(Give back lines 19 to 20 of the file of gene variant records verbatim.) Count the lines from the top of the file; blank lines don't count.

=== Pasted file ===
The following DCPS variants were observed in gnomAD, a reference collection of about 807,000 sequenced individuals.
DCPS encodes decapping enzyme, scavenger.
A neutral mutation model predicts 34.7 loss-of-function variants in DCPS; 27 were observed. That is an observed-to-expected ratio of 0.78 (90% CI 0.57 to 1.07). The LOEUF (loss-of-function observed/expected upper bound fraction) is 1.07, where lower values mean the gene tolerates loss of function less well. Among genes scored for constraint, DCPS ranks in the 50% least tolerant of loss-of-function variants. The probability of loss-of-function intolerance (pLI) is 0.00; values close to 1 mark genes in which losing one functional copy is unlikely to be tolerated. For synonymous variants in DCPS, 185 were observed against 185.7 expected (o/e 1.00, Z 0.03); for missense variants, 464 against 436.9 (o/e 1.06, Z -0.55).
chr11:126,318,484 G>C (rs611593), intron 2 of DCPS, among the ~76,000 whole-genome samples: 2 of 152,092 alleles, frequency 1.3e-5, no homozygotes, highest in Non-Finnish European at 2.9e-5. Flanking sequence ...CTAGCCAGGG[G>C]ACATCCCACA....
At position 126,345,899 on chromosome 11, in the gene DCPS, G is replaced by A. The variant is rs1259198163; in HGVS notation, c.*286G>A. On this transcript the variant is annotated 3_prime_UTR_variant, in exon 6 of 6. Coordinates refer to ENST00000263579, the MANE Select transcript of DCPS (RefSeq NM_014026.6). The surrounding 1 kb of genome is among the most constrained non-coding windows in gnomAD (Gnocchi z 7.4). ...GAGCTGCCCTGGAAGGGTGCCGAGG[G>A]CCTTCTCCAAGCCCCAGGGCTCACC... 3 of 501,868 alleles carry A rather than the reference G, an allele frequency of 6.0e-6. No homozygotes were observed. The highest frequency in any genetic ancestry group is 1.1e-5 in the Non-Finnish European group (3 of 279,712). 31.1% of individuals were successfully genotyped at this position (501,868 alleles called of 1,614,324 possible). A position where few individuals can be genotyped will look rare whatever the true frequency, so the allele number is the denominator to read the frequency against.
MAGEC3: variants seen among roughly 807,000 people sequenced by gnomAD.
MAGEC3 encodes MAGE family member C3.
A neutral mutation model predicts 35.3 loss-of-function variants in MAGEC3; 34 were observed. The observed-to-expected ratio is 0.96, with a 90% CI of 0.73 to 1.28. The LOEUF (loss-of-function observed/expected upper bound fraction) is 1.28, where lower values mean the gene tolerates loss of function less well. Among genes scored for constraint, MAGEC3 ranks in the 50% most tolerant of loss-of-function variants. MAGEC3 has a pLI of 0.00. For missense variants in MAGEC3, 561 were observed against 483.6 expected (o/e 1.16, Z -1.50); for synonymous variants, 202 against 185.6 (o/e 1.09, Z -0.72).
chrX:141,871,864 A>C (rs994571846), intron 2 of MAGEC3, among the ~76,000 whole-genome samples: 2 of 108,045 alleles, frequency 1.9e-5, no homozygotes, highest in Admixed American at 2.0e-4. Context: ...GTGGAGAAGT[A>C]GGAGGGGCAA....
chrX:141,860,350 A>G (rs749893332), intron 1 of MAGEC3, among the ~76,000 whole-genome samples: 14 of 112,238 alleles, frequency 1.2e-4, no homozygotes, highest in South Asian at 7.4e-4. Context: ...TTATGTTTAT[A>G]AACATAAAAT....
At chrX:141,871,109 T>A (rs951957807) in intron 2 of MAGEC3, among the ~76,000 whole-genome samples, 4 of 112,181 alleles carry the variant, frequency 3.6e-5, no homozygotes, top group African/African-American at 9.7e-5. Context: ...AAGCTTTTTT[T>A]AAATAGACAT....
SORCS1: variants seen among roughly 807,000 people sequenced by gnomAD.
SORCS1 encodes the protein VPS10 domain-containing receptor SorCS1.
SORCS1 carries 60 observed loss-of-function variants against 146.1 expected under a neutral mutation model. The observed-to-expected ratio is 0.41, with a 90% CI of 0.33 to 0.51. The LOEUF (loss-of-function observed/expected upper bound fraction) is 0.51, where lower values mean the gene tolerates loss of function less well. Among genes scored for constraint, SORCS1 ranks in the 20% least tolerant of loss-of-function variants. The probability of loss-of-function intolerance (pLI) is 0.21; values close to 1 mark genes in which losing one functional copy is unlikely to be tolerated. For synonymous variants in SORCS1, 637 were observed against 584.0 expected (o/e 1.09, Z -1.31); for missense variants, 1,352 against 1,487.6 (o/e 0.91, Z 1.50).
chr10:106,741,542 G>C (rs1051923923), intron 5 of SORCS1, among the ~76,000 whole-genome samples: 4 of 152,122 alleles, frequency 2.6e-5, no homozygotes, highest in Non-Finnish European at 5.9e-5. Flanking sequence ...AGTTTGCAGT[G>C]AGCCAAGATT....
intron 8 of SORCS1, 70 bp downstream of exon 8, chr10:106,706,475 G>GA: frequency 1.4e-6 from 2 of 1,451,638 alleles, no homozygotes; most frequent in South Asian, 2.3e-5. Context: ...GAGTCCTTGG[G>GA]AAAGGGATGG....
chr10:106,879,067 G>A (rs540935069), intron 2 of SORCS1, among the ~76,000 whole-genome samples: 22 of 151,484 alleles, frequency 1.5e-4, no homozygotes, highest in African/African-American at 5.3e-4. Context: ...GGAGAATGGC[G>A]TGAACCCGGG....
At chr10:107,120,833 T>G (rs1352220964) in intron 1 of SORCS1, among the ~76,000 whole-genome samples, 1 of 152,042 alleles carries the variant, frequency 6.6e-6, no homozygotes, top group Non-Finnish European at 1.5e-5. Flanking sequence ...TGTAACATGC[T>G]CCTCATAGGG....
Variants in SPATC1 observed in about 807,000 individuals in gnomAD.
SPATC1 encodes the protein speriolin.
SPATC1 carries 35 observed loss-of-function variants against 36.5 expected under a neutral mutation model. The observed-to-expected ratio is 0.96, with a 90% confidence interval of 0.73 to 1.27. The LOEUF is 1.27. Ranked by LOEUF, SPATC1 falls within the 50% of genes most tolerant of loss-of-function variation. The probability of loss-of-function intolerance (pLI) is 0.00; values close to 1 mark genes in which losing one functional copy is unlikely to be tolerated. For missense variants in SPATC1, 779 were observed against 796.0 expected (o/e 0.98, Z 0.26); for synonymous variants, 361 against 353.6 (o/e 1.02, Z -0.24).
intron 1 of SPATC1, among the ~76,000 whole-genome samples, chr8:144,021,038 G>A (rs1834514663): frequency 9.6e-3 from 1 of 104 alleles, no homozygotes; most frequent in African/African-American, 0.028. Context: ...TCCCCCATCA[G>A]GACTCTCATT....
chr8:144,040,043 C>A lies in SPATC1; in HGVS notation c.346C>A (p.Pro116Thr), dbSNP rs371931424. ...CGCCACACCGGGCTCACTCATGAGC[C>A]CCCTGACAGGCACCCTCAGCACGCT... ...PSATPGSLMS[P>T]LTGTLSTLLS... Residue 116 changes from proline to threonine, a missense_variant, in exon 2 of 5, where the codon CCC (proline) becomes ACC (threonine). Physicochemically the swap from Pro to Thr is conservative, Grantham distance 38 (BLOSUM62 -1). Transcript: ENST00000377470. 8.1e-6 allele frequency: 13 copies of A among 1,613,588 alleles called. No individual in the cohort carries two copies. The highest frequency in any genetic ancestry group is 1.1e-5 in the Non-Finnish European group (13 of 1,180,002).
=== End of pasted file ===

Variants in SPATC1 observed in about 807,000 individuals in gnomAD.
SPATC1 encodes the protein speriolin.